“Not Everything Is Munich and Hitler” | The National Interest

David A. Bell writes a much-needed rebuke against the popular tendency to compare everything with World War II and Hitler. As he explains, “Comparing modern threats with World War II is neocon nonsense.” It may seem like harmless drama, but this kind of hyperbole has real consequences. As Bell points out, “References that were already misleading a generation ago have become dangerously absurd. The putative lessons of history have become imprisoning, rather than enabling. In this sense, we really do suffer from an excess of it.”

His discussion of the Munich lesson is particularly noteworthy.  “Ever since, it has been de rigueur for Americans to justify action against alleged foreign threats with Hitler analogies, and to denounce the alleged appeasement of such threats with Munich analogies. Sometimes, the comparisons have been laughably inappropriate.” We see almost all foreign events through this lens and it has made us particularly war prone. We have come to see violence (or the threat of violence) as the most effective tool of foreign policy.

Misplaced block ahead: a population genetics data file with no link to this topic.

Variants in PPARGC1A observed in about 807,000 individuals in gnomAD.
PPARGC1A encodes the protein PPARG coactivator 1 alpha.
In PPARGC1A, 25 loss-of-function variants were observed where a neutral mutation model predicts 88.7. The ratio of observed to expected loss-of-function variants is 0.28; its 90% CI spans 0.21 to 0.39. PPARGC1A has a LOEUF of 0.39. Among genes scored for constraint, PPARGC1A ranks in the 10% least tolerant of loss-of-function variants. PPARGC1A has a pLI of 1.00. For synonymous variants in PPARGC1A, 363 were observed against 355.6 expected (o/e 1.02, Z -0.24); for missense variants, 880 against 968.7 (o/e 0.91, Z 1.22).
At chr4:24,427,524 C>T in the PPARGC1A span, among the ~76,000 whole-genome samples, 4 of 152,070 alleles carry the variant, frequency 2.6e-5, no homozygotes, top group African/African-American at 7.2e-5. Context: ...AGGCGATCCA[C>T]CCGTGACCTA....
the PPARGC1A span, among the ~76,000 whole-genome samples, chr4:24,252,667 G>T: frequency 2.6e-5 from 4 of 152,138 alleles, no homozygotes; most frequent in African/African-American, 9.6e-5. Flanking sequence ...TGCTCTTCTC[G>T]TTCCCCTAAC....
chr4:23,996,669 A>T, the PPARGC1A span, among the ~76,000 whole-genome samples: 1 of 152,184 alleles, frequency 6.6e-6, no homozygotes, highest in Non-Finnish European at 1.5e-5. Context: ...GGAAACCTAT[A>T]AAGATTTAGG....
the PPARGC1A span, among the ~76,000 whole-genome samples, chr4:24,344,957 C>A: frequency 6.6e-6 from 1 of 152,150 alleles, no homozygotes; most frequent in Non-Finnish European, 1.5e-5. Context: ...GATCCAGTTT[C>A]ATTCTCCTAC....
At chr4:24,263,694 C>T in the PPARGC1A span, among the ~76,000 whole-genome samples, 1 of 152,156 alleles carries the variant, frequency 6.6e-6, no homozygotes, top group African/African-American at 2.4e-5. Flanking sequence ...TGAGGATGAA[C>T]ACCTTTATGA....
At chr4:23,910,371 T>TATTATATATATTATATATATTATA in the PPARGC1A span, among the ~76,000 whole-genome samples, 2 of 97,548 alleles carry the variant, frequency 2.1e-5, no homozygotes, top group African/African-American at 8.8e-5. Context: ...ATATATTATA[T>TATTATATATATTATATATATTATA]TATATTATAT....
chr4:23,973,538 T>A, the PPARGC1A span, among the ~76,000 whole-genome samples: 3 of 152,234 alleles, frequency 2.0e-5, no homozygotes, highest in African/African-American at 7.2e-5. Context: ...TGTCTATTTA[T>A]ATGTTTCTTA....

To read the other dangers posed by using inappropriate WWII analogies go here: Not Everything Is Munich and Hitler | The National Interest

In conclusion Bell writes, “But it can still help if as many people as possible take the time to remember just how false the comparison actually is, and if they keep in mind that a keen sensitivity to the parallels between the past and the present is not always a good thing. When it comes to the moral lessons of the terrible years the world lived through between 1939 and 1945, particularly those of the Holocaust, we must always remember. But when it comes to the strategic lessons of that era, we might do well, sometimes, to forget.”

I agree with Bell’s overall analysis, but I have to disagree with his solution: forget history. The problem is a result of superficial knowledge, bad analogies, and a desire to inflate the importance of one’s own issues by associating them with extreme examples (Hitler, genocide, slavery, etc.).

 

Ronald L. Feinman: “Why This Historian Is Worried for His Country”| History News Network

“Hate speech is reaching new heights with the participants in the Donald Trump campaign. With the continuing and rapid growth of Donald Trump’s support, and the increased likelihood of Trump either winning or ending up a strong second in the Iowa Caucuses on February 1, and now seen as having a real chance to be the GOP nominee, after seven months as the frontrunner in public opinion polls, history indicates to us that there is clearly a growing danger of assassination due to rising rhetoric on all sides!”

I agree with Ronald L. Feinman that the threat of political assassination is very high, but I think it’s been extremely high during Obama’s entire presidency.

Source: History News Network | Why This Historian Is Worried for His Country